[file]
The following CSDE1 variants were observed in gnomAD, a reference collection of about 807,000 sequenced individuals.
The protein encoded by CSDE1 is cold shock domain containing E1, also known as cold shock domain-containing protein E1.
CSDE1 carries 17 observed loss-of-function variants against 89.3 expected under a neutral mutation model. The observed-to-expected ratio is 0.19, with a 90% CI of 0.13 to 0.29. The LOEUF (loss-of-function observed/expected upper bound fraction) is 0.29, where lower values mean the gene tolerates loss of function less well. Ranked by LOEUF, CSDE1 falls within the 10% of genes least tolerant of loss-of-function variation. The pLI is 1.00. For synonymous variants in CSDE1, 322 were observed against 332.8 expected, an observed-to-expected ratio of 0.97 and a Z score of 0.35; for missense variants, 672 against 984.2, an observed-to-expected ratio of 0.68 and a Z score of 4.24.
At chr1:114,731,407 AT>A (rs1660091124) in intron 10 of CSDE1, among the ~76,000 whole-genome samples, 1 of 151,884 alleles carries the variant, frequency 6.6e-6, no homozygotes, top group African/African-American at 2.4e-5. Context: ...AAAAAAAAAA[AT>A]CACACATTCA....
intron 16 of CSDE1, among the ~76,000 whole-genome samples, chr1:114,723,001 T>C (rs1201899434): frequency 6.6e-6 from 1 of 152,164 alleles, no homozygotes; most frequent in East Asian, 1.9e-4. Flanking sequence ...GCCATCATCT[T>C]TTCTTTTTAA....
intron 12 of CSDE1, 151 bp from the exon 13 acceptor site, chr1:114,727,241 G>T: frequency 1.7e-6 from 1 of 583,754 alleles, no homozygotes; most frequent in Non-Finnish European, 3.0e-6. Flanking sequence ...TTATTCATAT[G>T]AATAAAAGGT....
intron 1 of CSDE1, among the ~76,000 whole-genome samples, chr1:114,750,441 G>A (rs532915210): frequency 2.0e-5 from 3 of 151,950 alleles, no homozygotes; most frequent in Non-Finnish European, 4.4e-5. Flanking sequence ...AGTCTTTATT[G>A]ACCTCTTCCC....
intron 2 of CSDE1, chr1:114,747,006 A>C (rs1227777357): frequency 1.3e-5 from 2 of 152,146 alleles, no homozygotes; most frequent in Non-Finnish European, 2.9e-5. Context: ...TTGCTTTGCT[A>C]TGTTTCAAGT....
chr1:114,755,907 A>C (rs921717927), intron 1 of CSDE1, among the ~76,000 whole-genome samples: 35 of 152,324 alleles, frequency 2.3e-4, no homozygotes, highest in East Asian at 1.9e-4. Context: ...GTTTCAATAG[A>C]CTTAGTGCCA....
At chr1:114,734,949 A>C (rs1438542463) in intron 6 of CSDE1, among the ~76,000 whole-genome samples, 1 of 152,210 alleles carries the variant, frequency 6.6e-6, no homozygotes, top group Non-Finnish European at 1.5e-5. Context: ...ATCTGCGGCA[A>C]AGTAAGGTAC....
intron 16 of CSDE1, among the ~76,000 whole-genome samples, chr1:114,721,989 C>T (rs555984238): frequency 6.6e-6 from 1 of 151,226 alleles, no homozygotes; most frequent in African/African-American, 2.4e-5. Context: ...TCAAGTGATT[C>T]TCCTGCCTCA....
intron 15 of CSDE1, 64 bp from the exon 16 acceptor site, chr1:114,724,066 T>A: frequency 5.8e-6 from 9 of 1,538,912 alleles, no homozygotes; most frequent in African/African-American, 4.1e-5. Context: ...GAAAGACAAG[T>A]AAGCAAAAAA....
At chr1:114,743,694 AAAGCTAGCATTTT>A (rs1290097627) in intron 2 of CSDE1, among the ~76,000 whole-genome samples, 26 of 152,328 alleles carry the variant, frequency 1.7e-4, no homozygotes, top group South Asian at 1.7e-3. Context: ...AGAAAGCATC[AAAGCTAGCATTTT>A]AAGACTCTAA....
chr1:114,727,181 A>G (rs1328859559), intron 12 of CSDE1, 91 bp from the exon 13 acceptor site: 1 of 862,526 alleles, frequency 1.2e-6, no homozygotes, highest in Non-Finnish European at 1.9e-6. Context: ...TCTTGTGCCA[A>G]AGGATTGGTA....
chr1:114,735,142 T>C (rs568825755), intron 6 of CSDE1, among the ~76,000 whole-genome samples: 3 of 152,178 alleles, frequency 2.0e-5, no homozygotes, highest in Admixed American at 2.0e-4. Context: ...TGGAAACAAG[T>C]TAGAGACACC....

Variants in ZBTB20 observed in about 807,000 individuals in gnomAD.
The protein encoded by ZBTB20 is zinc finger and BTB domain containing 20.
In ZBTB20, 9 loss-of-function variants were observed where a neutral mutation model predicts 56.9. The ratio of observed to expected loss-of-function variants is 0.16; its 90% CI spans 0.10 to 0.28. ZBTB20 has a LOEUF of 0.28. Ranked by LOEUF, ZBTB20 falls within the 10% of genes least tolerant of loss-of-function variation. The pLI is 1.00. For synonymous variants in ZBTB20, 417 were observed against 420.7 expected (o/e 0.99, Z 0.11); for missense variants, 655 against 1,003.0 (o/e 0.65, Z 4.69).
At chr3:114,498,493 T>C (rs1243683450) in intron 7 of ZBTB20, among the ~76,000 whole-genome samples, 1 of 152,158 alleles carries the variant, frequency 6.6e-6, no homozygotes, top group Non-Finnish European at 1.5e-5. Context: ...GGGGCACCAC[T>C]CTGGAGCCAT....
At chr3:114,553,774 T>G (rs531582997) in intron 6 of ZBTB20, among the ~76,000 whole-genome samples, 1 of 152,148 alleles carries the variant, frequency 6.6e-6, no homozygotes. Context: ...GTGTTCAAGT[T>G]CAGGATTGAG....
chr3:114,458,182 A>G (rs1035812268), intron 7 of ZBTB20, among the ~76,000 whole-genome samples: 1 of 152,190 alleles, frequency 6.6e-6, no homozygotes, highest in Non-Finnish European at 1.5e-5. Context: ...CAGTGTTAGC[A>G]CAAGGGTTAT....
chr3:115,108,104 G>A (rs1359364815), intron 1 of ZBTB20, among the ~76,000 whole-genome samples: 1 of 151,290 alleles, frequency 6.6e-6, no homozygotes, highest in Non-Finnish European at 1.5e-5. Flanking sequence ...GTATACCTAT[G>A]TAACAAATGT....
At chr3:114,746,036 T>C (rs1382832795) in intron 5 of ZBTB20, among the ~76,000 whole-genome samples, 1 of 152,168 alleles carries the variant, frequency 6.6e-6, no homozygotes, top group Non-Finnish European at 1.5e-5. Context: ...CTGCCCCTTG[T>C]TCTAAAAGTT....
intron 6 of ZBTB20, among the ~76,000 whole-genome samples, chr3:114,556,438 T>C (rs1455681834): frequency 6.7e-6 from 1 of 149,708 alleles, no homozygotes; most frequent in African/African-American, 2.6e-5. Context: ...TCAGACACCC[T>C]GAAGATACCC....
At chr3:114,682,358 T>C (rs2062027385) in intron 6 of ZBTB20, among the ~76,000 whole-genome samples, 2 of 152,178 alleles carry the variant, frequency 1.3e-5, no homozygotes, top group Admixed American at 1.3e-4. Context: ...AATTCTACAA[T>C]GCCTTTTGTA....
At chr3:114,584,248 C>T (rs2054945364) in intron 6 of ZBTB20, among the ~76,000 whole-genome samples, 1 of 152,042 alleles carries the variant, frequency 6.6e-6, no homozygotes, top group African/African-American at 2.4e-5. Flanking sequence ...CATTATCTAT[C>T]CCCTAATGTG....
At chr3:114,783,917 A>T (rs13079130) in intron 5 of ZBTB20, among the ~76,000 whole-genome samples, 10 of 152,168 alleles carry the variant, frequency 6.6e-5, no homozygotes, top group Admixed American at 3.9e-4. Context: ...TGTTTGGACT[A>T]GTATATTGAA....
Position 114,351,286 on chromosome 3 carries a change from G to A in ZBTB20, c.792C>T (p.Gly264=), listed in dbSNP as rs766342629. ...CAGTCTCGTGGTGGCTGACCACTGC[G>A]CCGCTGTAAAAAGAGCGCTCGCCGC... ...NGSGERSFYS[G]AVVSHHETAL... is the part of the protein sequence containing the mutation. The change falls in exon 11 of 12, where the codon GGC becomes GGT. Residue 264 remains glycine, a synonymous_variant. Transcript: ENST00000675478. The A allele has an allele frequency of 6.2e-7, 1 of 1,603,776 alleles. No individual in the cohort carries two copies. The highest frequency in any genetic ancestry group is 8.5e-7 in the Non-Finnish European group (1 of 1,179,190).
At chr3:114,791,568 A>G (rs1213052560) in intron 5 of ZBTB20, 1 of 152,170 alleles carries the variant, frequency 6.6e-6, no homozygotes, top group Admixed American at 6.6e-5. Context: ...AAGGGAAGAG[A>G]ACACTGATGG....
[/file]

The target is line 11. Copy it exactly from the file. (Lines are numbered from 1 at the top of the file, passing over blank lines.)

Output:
intron 16 of CSDE1, among the ~76,000 whole-genome samples, chr1:114,721,989 C>T (rs555984238): frequency 6.6e-6 from 1 of 151,226 alleles, no homozygotes; most frequent in African/African-American, 2.4e-5. Context: ...TCAAGTGATT[C>T]TCCTGCCTCA....